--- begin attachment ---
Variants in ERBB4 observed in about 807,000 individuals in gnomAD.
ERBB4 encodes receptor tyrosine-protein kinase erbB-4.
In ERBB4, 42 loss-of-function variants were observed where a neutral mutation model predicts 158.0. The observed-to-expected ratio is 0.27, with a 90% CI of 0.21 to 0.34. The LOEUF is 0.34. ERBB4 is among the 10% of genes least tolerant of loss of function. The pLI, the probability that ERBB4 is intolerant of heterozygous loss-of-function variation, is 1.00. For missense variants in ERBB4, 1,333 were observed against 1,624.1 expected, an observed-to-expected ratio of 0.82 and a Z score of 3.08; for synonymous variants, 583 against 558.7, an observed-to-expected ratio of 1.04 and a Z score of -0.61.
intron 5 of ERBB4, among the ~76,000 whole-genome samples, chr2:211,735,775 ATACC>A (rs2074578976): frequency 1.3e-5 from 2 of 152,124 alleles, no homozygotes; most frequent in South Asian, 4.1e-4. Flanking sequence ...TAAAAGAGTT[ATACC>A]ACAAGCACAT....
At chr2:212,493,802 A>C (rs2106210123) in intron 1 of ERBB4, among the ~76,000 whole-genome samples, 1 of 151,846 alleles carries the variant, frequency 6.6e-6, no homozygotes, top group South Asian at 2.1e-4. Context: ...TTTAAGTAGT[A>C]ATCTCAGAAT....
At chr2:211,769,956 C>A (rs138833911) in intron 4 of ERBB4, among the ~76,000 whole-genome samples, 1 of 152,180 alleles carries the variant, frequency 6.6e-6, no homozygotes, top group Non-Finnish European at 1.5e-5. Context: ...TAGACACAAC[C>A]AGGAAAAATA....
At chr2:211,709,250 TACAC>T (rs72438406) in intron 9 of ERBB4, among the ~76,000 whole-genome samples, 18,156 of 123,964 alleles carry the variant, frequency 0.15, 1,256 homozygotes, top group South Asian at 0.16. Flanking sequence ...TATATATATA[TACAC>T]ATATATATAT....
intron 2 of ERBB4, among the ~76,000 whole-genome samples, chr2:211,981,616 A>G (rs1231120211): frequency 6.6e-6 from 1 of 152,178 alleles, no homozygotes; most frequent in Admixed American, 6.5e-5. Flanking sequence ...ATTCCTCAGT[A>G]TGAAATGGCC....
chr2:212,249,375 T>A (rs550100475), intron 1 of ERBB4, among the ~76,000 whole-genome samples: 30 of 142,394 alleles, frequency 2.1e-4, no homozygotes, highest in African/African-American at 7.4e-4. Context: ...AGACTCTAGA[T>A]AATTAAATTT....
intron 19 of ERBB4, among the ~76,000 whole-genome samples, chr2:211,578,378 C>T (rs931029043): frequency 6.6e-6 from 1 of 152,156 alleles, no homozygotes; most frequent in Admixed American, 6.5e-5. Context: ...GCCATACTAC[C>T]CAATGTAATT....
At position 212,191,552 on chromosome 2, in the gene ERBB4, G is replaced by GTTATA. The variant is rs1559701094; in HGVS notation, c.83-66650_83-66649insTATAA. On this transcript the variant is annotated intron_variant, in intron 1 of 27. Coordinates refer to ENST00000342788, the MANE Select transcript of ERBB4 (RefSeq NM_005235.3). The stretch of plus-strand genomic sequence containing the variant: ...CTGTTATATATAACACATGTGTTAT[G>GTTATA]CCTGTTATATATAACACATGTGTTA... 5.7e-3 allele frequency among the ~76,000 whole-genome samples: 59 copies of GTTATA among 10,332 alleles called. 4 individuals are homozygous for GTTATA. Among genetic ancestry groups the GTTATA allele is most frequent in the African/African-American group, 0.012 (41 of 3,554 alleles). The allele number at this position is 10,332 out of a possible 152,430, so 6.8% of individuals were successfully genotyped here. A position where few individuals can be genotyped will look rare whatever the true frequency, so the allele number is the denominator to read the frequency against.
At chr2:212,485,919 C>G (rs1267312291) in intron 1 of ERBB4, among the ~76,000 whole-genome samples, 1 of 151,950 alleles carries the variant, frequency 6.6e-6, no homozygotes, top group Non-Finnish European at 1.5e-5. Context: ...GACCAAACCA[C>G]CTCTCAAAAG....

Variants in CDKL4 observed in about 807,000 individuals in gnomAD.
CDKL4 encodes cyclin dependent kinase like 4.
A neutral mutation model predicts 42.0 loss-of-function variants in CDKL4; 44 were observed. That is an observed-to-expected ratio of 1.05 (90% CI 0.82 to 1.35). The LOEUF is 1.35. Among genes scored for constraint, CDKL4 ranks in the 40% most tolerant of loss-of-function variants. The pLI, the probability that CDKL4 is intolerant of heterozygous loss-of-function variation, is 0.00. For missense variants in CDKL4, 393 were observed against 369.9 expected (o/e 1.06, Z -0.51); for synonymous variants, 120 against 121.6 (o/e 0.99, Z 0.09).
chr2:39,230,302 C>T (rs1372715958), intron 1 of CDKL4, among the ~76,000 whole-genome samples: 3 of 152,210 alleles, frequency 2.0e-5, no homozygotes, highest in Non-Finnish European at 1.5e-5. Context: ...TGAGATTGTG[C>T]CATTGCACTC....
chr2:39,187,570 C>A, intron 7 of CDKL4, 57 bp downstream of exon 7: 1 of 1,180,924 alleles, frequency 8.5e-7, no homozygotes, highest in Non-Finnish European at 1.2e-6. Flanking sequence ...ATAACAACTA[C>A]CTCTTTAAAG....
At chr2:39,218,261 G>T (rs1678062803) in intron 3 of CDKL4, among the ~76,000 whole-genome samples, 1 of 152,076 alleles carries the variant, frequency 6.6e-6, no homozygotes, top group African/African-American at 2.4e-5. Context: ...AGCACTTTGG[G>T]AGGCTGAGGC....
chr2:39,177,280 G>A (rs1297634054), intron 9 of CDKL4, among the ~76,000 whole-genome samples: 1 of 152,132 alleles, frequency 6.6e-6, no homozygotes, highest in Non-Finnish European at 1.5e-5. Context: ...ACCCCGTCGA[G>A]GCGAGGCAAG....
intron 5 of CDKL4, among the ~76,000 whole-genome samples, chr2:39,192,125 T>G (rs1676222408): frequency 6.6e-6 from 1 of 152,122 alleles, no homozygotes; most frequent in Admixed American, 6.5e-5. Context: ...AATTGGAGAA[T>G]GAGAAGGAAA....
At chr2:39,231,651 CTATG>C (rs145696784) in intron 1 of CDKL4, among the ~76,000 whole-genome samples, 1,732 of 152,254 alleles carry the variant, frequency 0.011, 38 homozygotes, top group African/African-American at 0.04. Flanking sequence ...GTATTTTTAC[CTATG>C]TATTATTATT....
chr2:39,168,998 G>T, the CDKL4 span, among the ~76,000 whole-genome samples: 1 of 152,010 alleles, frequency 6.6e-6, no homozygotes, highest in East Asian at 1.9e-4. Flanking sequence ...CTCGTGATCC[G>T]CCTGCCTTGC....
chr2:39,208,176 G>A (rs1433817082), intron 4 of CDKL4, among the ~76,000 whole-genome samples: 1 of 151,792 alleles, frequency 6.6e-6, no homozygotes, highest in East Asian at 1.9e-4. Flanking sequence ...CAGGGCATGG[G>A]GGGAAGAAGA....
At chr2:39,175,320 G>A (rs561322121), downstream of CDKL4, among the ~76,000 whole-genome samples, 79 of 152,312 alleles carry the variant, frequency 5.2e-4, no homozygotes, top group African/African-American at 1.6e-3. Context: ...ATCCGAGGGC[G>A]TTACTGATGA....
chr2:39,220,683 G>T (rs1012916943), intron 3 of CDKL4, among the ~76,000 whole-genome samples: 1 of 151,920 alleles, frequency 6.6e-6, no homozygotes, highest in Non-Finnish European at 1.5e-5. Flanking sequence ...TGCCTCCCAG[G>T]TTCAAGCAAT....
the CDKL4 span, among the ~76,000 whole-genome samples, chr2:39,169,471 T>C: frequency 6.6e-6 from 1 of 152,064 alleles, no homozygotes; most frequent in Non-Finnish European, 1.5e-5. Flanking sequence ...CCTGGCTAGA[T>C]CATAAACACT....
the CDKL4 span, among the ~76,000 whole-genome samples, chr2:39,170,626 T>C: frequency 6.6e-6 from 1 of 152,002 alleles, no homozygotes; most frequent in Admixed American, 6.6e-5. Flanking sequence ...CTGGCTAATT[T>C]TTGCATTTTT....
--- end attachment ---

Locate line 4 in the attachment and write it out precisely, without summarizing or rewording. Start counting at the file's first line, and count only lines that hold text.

intron 5 of ERBB4, among the ~76,000 whole-genome samples, chr2:211,735,775 ATACC>A (rs2074578976): frequency 1.3e-5 from 2 of 152,124 alleles, no homozygotes; most frequent in South Asian, 4.1e-4. Flanking sequence ...TAAAAGAGTT[ATACC>A]ACAAGCACAT....